Tuesday, December 8, 2009
Aminetu Haidar: In Spite of Everything. Saharawi on Hunger Strike
by ATENEA AVECEDO
Aminetu Haidar was arrested at the El Aaiun Airport (former capital of Western Sahara, a country under Moroccan military occupation since 1975) because in filling out the corresponding entry form she wrote "Western Sahara" as her country of origin instead of "Morocco". The Moroccan authorities confiscated her passport and forced her aboard another aircraft bound to Lanzarote, Canary Islands, Spain). The Spanish authorities refuse to let her fly back to El Aaiun, where her children are, because she does not have the necessary papers. What might seem a mere red tape issue reveals, on one hand, the toughening of Moroccan policies against Saharawi human rights activists -being Saharawi and refusing to assume one's nationality as Moroccan is considered high treason by the Moroccan regime- and, on the other, the complicity between the Spanish and the Moroccan States. Aminetu Haidar initiated a hunger strike on 15 November as a protest against her current status.
Our senses, habituated to a never innocent violence – normalized through lingering media bombardment – only react when the scandalous aspect of news reaches the border between reality and fiction. Once in a while, almost always later than sooner, the violence that mercilessly strikes women appears in mass media headlines: women retained in Serbian rape camps, young working women slaughtered in Ciudad Juárez, women murdered by either romantic or sexual partners. Less frequently, a specific face repeats itself on the television screens and a name struggles to conquer a corner of our memory. Today such a face belongs to Saharawi activist Aminetu Haidar, a peaceful defender of human rights and international humanitarian rights whose case began to filter out through tiny snippets of information and now expands like a pool of uncontainable blood.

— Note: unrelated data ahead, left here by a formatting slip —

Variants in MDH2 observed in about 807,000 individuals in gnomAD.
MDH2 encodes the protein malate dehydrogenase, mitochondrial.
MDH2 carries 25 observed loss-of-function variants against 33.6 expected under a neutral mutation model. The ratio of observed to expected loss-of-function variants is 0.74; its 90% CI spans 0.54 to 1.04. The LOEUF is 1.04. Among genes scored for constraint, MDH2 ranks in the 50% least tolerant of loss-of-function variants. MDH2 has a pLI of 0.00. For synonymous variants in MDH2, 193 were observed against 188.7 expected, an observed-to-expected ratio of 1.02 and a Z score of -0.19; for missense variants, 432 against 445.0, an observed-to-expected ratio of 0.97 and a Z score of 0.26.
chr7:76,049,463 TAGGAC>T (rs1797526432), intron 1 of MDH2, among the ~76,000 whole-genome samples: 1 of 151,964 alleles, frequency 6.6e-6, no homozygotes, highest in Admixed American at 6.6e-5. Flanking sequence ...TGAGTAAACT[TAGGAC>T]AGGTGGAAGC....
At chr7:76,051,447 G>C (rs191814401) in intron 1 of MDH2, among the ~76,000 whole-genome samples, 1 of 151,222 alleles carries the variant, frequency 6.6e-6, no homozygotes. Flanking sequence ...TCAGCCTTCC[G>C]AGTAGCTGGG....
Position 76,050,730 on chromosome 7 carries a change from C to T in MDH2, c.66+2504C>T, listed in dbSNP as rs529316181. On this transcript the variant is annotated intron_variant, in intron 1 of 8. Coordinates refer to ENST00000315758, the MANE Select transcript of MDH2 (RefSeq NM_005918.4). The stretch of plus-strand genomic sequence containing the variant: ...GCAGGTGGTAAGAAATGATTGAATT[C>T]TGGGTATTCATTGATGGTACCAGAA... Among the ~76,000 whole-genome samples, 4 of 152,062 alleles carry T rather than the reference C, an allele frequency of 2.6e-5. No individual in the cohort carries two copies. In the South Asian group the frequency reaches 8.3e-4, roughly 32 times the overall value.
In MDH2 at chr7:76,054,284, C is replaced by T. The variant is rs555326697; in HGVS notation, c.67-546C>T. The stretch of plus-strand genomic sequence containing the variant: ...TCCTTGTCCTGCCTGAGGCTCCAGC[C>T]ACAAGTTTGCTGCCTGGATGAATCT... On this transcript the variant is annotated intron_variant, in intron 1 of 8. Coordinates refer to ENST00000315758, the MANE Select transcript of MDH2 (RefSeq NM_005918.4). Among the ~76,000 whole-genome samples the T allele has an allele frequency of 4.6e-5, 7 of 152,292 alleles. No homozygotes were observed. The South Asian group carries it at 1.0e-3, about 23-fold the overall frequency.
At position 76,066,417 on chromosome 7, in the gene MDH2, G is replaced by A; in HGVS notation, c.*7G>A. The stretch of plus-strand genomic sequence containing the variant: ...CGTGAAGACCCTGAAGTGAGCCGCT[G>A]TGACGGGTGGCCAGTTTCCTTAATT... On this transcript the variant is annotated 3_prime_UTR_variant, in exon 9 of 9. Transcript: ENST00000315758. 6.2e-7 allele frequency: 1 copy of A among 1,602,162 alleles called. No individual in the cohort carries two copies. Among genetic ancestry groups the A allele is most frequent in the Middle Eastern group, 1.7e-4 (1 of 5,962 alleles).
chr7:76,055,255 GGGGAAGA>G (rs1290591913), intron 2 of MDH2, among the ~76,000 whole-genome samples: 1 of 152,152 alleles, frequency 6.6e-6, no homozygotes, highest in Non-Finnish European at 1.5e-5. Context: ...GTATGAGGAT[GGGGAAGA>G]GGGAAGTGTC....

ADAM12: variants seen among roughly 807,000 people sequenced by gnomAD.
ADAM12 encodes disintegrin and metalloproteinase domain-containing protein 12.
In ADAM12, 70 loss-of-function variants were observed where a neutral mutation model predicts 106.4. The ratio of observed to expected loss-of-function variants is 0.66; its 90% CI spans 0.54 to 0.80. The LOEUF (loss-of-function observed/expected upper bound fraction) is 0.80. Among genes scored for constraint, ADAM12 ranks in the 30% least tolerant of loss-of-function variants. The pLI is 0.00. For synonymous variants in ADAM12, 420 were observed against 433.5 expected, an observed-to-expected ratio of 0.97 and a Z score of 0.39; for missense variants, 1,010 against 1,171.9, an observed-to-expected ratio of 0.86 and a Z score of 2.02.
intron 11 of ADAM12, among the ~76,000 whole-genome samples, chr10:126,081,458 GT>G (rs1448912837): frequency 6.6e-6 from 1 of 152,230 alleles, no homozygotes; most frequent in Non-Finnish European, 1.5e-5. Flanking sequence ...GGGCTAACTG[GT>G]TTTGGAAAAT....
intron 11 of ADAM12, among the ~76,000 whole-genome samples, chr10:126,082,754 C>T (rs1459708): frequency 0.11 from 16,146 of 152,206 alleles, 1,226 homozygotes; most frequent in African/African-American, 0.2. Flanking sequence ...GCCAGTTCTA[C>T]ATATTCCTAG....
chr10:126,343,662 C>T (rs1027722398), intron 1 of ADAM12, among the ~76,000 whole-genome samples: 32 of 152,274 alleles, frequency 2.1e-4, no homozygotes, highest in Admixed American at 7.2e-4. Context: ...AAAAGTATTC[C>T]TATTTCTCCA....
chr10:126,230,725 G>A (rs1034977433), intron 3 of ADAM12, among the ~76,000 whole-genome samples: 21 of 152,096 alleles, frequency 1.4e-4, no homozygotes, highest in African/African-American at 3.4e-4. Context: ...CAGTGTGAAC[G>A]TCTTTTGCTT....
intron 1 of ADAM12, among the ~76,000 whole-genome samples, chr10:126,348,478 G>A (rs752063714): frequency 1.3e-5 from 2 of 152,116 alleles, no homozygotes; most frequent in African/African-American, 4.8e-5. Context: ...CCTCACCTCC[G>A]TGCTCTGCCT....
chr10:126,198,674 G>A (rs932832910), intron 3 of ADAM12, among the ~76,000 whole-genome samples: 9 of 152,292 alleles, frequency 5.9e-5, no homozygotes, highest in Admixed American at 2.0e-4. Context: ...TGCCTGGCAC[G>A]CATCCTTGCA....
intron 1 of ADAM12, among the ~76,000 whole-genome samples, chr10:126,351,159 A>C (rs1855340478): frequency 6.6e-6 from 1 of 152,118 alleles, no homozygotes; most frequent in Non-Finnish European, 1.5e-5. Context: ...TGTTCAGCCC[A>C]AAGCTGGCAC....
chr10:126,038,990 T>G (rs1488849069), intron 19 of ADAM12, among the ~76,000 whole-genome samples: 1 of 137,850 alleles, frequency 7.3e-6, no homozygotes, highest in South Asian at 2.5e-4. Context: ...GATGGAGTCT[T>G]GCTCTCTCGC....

Aminetu – a former detainee in Moroccan secret jails, where she “disappeared” for years – has the willpower that we usually find in those who have lived and suffered enough to thoroughly know both the strength and fragility of the human spirit. The old and vile complicity between the governments of Spain and Morocco, a complicity that impedes Aminetu’s return to Western Sahara, her motherland – under military occupation since 1975 – and that has forced her to start a hunger strike against it, is the same that historically marks all perverse pacts signed to the detriment of people everywhere. Now it is the turn of the Saharawi people, affected for 34 years now by such complicity and surely even more as a former Spanish colony whose national identity was modified and resources exploited until the commercial alliances were consolidated that today define the inexcusable continuance of a shameful conflict.
Now, while Spanish government officials turn a deaf ear to a hunger strike in its second week, it’s useless to give an account of Spain’s violations of Aminetu’s demand to return to El Aaiun. Better to unmask the lie which is being repeated a thousand times to make it into a truth. But even more useful is to point out that what is happening in Aminetu’s case unveils the still concealed factual ins and outs of a political system that claims to be democratic and mistakenly acknowledges: 1) that democracy is simply dictatorship’s antonym, and 2) that societies are satisfied with periodic elections and spaces where they can shout their dissatisfaction even if nothing changes in the real world. Is this the harbor to which the globally celebrated “Spanish transition” has arrived after those very same 34 years? Or is it that the transition process is unfinished and one of its steps consists of a combination of handwashing and complicity with the current occupying power in its former colony?